Reimagining digital learning in higher education

A primer created for university leaders examining the current and future use of digital learning in the sector.


Technology-enhanced learning or digital learning encompasses a wide variety of learning models and approaches, digital technologies, and services. In essence, a teacher engages digitally with a learner in the context of a pedagogic framework and the outcomes are monitored and measured using an assessment strategy.

The use of digital tools to enhance and support learning can occur before, during or after a session, and support a variety of pedagogic purposes.

Impact of digital learning

Well-developed learning, enhanced and supported with digital tools, can:

  • Enhance the student experience
  • Potentially improve student outcomes
  • Widen participation
  • Improve accessibility and inclusion

There are however also risks with adding a digital element to learning that could result in: 

  • Challenges reconciling the inconsistent experience resulting from the differences between the physical and digital student experience
  • Impact on connectivity and bandwidth on the experience
  • Technology displacing effective practice
  • Poor experience due to insufficient skills and capabilities across staff and students

Overview of digital learning in the sector

Digital learning is an opportunity to rethink the way we design and deliver university courses from the ground up. Many universities will aim to provide a parity of experience to all students, whether they study online or in person, locally or from abroad. Students, in turn, will benefit from a greater choice of pace and place of learning.

The wide adoption of digital learning will mean that our ideas of what it means to belong to a university community will need to be reconsidered. Personalised and proactive, digital learning could help build and nurture lifelong relationships for both students and staff but they will also need support to develop the digital skills, confidence and resilience required to succeed in the new environment.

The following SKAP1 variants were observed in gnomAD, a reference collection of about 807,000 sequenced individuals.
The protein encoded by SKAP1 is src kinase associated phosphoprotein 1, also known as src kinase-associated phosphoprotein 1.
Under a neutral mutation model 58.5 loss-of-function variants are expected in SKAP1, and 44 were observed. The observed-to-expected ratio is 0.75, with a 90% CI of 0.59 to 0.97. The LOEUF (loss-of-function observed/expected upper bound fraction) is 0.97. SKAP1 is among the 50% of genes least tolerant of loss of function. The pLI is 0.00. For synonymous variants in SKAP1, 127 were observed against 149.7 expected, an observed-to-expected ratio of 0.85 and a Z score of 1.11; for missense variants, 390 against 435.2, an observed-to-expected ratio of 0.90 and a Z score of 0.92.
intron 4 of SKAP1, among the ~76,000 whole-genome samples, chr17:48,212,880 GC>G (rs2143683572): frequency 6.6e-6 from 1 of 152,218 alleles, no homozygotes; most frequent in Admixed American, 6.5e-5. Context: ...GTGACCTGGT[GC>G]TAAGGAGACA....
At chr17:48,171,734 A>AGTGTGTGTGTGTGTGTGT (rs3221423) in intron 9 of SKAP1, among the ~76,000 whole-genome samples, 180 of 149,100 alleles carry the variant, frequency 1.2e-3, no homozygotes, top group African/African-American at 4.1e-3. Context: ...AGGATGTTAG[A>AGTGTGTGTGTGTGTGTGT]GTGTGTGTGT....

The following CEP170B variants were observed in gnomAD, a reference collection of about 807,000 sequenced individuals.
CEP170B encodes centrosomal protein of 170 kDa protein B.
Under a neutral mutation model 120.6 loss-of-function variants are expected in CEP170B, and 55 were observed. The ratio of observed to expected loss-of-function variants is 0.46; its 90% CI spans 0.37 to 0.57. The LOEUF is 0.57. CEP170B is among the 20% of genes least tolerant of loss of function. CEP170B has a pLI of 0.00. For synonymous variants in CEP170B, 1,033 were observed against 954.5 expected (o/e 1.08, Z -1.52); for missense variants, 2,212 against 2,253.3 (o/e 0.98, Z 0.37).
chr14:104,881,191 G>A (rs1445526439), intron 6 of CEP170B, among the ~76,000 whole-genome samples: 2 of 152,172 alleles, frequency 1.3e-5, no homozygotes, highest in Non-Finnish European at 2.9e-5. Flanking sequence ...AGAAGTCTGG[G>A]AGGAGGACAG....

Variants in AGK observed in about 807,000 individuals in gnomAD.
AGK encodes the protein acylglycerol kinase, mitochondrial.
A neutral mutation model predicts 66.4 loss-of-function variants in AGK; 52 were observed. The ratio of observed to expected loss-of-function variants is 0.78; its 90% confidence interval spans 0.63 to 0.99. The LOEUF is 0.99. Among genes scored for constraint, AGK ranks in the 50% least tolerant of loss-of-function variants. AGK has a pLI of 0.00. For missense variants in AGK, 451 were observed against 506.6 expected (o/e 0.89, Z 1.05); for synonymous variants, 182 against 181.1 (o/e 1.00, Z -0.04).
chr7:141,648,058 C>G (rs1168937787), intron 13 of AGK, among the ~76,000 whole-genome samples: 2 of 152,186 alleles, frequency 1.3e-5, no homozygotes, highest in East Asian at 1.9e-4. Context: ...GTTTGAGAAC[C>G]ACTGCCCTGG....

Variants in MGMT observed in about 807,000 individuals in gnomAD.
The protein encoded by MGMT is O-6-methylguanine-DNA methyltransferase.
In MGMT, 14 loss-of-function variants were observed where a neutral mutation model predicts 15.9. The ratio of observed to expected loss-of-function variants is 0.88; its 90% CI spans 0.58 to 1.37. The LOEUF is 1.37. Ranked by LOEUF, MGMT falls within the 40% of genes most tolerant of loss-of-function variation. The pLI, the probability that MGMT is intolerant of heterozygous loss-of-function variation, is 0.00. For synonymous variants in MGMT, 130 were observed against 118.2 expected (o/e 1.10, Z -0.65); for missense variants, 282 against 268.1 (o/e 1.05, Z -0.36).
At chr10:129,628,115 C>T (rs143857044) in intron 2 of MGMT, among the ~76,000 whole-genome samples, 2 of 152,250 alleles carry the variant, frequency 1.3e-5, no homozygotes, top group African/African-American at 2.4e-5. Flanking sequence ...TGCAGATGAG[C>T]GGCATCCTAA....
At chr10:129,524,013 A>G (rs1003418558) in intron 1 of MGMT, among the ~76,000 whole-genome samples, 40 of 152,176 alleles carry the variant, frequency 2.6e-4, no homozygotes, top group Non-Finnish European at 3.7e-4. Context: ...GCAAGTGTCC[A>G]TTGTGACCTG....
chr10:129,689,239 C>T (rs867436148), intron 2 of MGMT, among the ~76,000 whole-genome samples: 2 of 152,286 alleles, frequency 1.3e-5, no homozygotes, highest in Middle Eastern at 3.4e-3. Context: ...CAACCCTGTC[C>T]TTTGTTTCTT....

Effective use of digital technology is seen as fundamental in helping to ensure continuity of learning, meeting current and future social distancing requirements. and engaging positively with students.

The higher education landscape has changed, will continue to change and as a result existing models of learning may not be appropriate or practical. Universities will need to reflect not just on how blended, hybrid blended, and online learning can be used to deliver modules, but how existing curriculum models will need to be adjusted to fit this new future. 

A systemic approach to digital learning will help to break down the silos between different tools, adopting instead an ecosystem-based approach. Emphasising the importance of an intuitive and consistent experience (alongside reliable and secure) will enable students and staff to make the most of the promise of digital learning.

It is tempting when discussing technology-enhanced learning to focus on the digital technology element, not least because of the cost and challenge of learning how to use it. However, we are very clear that the pedagogic considerations are vastly more important. All successful education and training requires close attention to learning design and content creation, and technology-enhanced learning is no exception. To start with the learning outcomes and work back to the teaching inputs has never been more imperative than in this period of digital transformation.

“The features, definitions and models that we associate with active blended learning are the same as those in active distance learning, with the exception of campus-based contact. Everything else, for example personalisation, time on task, sense-making, knowledge construction, critique and student centeredness remained exactly the same. The fact that we shifted to active distance learning did not mean a shift back to teacher centeredness, to stand up and deliver, stand up and spout. On the contrary, all the key pedagogic principles remained.”